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SAMUEL HAMILTON, PH.D., LL.D.
Superintendent of Schools, Allegheny County, Pennsylvania
THIS series of “ Essentials of Arithmetic” consists of three books, which cover the arithmetical work from the second to the eighth year.
The two important ends sought in the teaching of arith metic are (1) to give the pupil such a mastery of number combinations and processes as will enable him to perform with accuracy and speed all common numerical operations; and (2) to train him in the skillful application of these proce esses to the problems that he is likely to meet in his daily experiences. This series has aimed to lay equal stress on both these important phases of arithmetic.
The frequent drills in numbers in their abstract relations develop habits of accuracy and speed. Efficiency is encouraged by advising the use of short methods, by frequent timing of the drill work, and by insisting on checks for accuracy.
The problems have been framed with a view to the pupil's interests. Beginning with data drawn from his immediate environment, they reach out gradually to include his contact with the larger spheres of social and industrial life. The problems are of two types, - first, isolated problems, which provide direct application of a principle to some need or experience of the pupil; and, second, groups of related problems, called “Everyday Use of Numbers,” which center about an idea or a situation in which the pupil feels a vital interest. These related problems serve as a review of vari. ous principles previously taught. The problems are all real because they are true to life. They carefully avoid unpractical conditions and all questions that have no relation to common experience. The business problems follow present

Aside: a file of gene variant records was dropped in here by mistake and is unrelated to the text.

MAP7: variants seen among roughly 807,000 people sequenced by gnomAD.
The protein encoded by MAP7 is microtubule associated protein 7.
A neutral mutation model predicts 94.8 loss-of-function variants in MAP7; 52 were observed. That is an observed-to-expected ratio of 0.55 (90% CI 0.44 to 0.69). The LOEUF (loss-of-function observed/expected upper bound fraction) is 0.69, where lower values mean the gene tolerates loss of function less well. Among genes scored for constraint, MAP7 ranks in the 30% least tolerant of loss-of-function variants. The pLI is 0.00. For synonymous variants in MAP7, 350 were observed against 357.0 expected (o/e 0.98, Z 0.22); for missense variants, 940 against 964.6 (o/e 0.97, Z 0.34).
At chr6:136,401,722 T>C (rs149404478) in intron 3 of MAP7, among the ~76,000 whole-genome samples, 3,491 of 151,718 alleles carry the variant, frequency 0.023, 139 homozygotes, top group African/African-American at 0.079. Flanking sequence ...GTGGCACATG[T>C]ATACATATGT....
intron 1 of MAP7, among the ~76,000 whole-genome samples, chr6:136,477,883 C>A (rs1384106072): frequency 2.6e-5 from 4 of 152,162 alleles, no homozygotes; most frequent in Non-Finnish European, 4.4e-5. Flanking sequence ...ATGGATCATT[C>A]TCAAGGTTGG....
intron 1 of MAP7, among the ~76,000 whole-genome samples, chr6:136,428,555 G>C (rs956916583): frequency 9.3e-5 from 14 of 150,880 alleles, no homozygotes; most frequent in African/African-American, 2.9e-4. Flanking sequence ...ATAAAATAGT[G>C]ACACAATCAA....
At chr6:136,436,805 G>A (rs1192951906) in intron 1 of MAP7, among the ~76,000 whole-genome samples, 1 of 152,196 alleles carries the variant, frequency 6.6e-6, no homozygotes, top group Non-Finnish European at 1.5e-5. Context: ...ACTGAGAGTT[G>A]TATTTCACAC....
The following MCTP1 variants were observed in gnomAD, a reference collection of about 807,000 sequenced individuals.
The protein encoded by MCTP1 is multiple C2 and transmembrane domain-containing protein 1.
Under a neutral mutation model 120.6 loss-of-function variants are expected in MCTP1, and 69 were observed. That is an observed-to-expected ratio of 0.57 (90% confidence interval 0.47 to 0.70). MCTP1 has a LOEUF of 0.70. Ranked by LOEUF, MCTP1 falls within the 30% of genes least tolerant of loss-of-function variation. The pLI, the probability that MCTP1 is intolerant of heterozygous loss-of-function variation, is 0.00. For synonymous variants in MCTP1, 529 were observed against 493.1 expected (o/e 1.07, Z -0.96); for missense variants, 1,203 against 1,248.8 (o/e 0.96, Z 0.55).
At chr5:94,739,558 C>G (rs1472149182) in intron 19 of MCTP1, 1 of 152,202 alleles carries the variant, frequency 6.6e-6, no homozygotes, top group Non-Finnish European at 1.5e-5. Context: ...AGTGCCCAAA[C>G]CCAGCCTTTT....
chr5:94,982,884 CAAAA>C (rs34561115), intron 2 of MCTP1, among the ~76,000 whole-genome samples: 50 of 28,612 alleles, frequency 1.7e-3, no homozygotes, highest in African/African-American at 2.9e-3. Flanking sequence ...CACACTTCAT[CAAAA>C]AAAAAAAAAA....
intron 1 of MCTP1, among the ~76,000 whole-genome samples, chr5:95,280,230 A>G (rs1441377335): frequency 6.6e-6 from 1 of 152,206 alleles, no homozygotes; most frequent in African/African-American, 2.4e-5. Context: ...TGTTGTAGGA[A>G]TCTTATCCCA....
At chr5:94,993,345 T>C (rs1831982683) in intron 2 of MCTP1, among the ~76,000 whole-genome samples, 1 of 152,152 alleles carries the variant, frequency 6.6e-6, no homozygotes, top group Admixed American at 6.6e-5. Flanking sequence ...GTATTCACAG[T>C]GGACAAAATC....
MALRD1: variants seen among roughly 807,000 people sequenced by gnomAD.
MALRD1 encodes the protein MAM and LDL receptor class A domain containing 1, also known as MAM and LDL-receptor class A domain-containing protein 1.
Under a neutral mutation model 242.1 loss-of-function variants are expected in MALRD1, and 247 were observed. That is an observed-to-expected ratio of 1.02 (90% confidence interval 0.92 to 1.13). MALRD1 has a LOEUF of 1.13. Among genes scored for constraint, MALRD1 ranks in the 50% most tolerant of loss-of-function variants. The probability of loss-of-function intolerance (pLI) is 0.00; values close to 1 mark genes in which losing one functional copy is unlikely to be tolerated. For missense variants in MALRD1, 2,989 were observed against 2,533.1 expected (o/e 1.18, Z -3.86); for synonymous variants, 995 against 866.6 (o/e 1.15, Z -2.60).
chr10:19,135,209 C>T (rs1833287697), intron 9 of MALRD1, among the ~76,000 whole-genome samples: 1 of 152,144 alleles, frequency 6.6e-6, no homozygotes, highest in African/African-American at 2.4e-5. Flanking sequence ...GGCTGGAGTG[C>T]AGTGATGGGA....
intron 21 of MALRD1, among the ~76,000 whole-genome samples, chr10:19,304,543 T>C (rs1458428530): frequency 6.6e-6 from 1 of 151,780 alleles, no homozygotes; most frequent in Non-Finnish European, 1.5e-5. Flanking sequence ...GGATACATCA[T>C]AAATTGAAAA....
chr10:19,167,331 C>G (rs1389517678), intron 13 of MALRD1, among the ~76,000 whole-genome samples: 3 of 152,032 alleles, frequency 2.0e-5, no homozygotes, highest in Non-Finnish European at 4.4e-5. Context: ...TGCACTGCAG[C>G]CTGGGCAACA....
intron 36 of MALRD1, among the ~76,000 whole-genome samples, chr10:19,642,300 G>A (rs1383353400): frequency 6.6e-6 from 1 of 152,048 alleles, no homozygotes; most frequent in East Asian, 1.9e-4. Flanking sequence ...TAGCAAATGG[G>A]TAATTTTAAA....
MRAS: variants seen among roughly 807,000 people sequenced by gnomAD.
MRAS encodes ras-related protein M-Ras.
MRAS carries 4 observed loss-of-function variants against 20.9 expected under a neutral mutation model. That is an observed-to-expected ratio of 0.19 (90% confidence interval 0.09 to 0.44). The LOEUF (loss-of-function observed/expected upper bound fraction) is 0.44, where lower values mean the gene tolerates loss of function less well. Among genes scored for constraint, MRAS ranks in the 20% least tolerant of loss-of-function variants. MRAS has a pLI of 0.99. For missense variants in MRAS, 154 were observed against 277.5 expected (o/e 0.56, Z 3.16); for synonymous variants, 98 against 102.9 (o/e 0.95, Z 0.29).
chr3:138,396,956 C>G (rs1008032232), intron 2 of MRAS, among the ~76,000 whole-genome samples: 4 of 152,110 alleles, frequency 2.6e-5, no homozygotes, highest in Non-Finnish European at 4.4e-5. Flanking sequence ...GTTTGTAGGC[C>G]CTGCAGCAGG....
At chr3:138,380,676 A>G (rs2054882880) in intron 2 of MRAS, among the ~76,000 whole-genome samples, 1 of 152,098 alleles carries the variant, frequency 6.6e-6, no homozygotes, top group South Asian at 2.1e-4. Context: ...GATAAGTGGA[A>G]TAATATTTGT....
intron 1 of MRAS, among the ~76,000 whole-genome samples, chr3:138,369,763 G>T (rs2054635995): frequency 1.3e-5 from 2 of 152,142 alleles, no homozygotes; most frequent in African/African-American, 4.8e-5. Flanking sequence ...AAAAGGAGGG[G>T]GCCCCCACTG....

The pupil's self-activity is utilized in constructive work. His initiative is exercised by leading him to discover many arithmetical truths for himself. The importance of the correct interpretation of problems and of the choice of the best methods for their solution is emphasized. The “ Problems Without Numbers” tend to develop the power of generalization.
This book for Middle Grades covers the work that is usually taught in the fifth and sixth years, each chapter representing one half year's work.
By the end of the sixth year, this book aims to give the pupils a knowledge of all the arithmetical principles that are essential for success in the ordinary affairs of life.
The effort to follow prevailing prices has been limited by their rapid fluctuations and by their variation in different parts of the country. Teachers should encourage pupils occasionally to substitute current local prices, thereby vary. ing the problems in the book.
Everyday Use of Numbers
Reduction of Fractions
Addition and Subtraction of
Multiplication of Fractions
Division of Fractions
Parts of One Dollar and of One
Short Methods of Solving
Reduction to Decimals
94 Measuring Length.
Drawing to Scale
97 Bills and Receipts
99 Making and Solving Problems 138
100 Everyday Use of Numbers
104 Four H Clubs.
107 Pig Clubs.
Problems Without Numbers 146
111 Tests for Accuracy and Speed 147